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4

It is not possible as the rebuild operation would be blocked due to the actively running query holding a lock on the table, and therefore it wouldn't complete until after the running query completed. Note this is to ensure data consistency, as some of the data pages of the index could contain a mix of data that was processed and data that was not yet ...


4

Yes, because that composite index in your example is also known as a covering index. Specifically mentioned in the previously linked documentation here: ...people sometimes made covering indexes by writing the payload columns as ordinary index columns, that is writing CREATE INDEX tab_x_y ON tab(x, y); even though they had no intention of ever using y as ...


3

Other than using query hints to force different indexes, or using Query Store to force plans that don't use the index, no. There's no way to "hide" an enabled index from the query optimizer.


3

When two indexes both satisfy a query, you'll find that the smaller of the two is selected. Often, this means the narrower index, but it also holds true with fully duplicated, identical indexes, with the physically smaller one being preferred. Unless you're scanning the index and the full size matters, your index tuning Spidey Sense is right. Drop IX_1 and ...


3

Given the fact that the query plan was built before the query kicked off, the answer is no.


2

It is not so common that we get questions about why the planner does such a good job! By looking at expected rows values given in the Index Scan Backwards and in the Bitmap Heap Scan (or equivalently the Sort) nodes, we see that for one it expects to find 293 rows, and for the other it expects 7. Yes, this difference does come from the stats. Specifically, ...


2

It is easy enough to benchmark this, but the INSERT performance of UUIDs will be worse, because they are bigger and slower to generate. But it doesn't sound like you are building a high performance application anyway (then you probably wouldn't be using JSON), so it probably won't make much difference. Finally, you want to use UUIDs for security reasons (...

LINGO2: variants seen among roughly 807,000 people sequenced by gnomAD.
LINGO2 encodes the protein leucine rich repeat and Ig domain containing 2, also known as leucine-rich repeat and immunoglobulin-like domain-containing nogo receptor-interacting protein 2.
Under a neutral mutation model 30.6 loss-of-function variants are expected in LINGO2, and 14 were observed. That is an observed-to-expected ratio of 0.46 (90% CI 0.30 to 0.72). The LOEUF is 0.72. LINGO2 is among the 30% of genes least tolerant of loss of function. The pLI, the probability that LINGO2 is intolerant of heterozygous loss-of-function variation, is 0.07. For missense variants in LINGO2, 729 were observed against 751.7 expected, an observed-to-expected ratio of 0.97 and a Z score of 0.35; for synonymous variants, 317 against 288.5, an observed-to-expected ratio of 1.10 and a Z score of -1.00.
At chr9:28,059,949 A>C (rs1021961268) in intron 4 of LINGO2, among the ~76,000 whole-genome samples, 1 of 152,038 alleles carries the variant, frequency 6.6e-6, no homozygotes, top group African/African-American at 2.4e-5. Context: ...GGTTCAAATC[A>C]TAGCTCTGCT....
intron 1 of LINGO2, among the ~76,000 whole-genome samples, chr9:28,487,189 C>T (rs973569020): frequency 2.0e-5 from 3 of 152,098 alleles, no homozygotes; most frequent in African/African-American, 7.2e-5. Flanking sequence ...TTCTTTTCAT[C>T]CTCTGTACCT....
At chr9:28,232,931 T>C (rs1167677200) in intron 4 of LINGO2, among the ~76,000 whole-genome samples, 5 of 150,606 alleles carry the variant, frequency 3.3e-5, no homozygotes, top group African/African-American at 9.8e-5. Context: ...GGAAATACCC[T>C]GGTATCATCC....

1

The two queries are not equivalent. The first query without view runs window functions after applying the WHERE clause. The second query on the view runs window functions before applying the WHERE clause. This can lead to different results. And (obviously) to different query plans. Your second view peniot_json.all_pde_data does not use window functions (or ...


1

Up to three times than the size of new index: index structure itself WAL records during create index temporary files while sorting index values I have deleted old records in this table It is possible to reclaim space using the pgcompacttable tool. pgcompacttable was designed specifically for compressing tables when there is not enough space for a copy of ...


1

Task 1 may be solved by SELECT t1.* FROM test t1 JOIN test t2 USING (b_id, c_id, d_id) WHERE (t1.a_id, t2.a_id) IN ((1,2), (2,1))


1

A clustered index IS the table - so if the rows you are adding are already ordered there is not much work to do. A non-clustered index is an extra structure that you will have to maintain - so Inserts, Updates & Deletes will all have an overhead, the more indexes the higher the overhead. Generally, there are some selects for every table (otherwise what ...


1

The query in this question was inserting in to a table (Object1) that had a clustered index on a random GUID. I suspect that this may have been the problem since the query would have had to recalculate and reorder the index at each pass as it inserted newly generated results (please correct me if I'm wrong, I want to learn this stuff). I removed the ...


1

What Laurenz said is true, but I've actually found a more measurable difference in performance when you try to use those UUID fields in predicates (e.g. in JOIN, WHERE, and HAVING clauses). Again, it'll depend on the amount of data between the tables your predicates are for, but a comparison between a 16 byte value and another 16 byte value is somewhat ...


1

please take a look at this. How to estimate the size of a NCI, you will find all key factors playing role on the final index size. https://docs.microsoft.com/en-us/sql/relational-databases/databases/estimate-the-size-of-a-nonclustered-index?view=sql-server-ver15


1

If you drop IX_1, all queries that were previously using it will now start using IX_2. With IX_2 being larger (one more key field and two included fields), it has: More non-leaf level pages to support the second key column More leaf level pages to store the INCLUDE column values for each row Any queries that currently use IX_1 most likely don't need these ...


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